One of the great things about being an old geezer indie-rock fan is knowing how to position yourself for the little thrills of new discoveries that keep you coming back for more.
There’s a band at the Fine Line Tuesday night, a quintet from Brooklyn known as the Harlem Shakes, that has cultivated a buzz in indie-rock circles as deftly as Michelle Obama played the notion of a White House vegetable garden. After three or four years of germination, gigging and personnel moves, they put out the requisite slick and shaggy EP, “Burning Birthdays,” two years ago, performed some concerts that proved they could add the extra live dimension to their material, then waited until this March for the proper full-length debut, “Technicolor Health.”
The record is modestly delightful, ironing new wrinkles into the time-honored indie-rock formula of winsome melodies and ironic narcissism. Drummer Brent Katz favors the polyrhythmic flourishes common to indigenous African and Latin music, and vocalist-lyricist Lexy Benaim has an appealing habit of being slightly laconic and world-weary narrating his upbeat tales and contrastingly a little hopeful when the message is slightly downcast. The effect, once the peppy beats are tie-dyed in relatively classic indie-rock guitars and keyboards, is both nuanced and positive-thinking. The abiding cliché would be that Harlem Shakes makes sunny pop music.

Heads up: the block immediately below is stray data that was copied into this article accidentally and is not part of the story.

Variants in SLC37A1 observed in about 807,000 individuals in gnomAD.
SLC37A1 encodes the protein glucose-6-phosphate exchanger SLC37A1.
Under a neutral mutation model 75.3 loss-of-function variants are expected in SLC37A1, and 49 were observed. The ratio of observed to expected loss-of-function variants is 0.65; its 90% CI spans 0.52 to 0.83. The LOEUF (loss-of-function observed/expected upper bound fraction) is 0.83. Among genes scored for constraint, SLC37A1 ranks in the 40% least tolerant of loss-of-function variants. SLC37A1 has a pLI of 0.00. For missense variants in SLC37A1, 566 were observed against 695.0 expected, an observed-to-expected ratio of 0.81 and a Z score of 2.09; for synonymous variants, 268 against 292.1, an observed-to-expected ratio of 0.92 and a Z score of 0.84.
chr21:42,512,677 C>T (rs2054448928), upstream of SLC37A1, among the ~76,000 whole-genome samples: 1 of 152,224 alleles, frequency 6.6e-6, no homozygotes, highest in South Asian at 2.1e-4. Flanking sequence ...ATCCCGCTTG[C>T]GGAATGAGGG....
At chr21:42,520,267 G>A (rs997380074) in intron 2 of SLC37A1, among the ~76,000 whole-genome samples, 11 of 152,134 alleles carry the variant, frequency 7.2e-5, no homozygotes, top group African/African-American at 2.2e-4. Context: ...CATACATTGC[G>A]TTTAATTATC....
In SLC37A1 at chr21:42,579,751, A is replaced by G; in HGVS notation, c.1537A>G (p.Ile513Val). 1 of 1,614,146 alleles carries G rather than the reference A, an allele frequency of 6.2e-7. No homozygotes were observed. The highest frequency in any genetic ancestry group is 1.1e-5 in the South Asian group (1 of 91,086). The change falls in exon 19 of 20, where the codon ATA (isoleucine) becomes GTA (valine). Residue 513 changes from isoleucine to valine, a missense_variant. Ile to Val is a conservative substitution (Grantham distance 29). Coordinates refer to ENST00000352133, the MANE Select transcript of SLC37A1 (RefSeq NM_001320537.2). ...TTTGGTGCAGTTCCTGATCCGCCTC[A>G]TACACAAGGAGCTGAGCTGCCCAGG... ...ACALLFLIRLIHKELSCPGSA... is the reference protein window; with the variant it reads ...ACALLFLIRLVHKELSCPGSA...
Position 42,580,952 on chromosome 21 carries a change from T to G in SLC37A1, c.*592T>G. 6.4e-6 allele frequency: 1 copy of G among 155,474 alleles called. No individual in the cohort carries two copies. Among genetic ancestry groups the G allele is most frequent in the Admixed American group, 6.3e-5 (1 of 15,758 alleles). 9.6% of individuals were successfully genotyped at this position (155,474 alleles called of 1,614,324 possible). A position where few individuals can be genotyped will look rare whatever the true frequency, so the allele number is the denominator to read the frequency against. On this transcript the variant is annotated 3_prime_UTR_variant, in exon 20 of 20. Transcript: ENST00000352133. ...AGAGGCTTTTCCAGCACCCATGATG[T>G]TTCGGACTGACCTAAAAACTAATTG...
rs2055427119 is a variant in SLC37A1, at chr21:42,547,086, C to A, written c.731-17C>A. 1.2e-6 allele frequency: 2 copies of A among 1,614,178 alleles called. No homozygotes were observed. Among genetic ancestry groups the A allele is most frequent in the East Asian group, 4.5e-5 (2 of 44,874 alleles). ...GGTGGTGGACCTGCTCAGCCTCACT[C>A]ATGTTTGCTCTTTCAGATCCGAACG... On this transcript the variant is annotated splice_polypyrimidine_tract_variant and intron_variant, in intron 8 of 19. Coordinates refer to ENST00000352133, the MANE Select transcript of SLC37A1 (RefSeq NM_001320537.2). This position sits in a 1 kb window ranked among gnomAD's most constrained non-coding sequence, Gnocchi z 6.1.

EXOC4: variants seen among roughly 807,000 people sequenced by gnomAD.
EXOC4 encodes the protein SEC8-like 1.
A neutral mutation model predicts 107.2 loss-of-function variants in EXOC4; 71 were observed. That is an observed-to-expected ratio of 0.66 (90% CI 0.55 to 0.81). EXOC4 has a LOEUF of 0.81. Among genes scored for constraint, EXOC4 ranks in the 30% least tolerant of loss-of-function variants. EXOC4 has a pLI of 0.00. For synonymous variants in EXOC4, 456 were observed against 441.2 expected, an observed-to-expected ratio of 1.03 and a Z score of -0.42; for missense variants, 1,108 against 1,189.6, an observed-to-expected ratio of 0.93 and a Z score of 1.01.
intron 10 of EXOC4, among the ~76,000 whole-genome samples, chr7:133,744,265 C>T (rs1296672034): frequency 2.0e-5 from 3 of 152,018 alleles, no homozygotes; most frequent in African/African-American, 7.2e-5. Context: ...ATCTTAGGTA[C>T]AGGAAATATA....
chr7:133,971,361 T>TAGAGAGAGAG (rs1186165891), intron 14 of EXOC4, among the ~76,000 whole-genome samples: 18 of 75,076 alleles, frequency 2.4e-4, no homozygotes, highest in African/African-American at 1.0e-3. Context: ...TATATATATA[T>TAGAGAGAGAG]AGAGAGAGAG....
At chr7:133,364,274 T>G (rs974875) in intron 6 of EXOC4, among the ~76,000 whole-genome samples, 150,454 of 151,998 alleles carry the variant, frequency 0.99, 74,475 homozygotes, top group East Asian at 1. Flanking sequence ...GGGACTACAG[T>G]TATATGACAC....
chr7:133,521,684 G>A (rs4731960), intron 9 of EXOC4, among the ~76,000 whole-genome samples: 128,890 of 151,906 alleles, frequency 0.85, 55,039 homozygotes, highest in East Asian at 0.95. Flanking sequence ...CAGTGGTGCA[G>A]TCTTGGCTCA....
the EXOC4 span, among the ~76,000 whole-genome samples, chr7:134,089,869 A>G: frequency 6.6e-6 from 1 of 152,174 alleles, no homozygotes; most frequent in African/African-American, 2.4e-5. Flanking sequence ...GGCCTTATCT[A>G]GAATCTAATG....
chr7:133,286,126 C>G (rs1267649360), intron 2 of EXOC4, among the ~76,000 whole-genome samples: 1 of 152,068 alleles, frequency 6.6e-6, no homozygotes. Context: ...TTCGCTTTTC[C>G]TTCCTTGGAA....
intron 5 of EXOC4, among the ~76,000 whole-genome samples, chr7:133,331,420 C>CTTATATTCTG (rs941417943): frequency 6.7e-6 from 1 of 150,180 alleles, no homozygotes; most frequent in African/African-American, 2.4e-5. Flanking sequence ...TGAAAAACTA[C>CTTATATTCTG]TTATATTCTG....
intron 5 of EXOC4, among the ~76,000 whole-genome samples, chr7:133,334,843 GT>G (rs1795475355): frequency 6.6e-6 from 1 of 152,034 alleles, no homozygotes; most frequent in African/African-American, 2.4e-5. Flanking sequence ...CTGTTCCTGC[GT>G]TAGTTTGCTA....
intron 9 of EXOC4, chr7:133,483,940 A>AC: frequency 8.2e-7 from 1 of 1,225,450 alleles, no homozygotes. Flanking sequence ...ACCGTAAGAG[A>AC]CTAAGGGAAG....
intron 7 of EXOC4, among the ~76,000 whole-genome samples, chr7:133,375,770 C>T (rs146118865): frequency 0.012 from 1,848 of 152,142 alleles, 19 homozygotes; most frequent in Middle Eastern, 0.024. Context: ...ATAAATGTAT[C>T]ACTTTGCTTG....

Here’s where a little geezer experience comes into the picture. The Shakes have been together for a long time, have played all over the place and established a buzz-worthy live reputation, and are touring behind propulsive new material that won’t lose its fiber and texture onstage. Put simply, the circumstances are in place to make this one of the absolute best times to catch the quintet — or any indie-rock band in a similar circumstance — on the rise in an intimate venue.
Here is the group’s MySpace page previewing four songs, three from the new disc. Here is a too-up-close-and-personal video from a live show three months ago that suffers in sound quality as a result.
Here and here are some other live samples.
Harlem Shakes at The Fine Line Music Café, Tuesday, May 19, 8 p.m., a mere $10 cover. Military Special opens.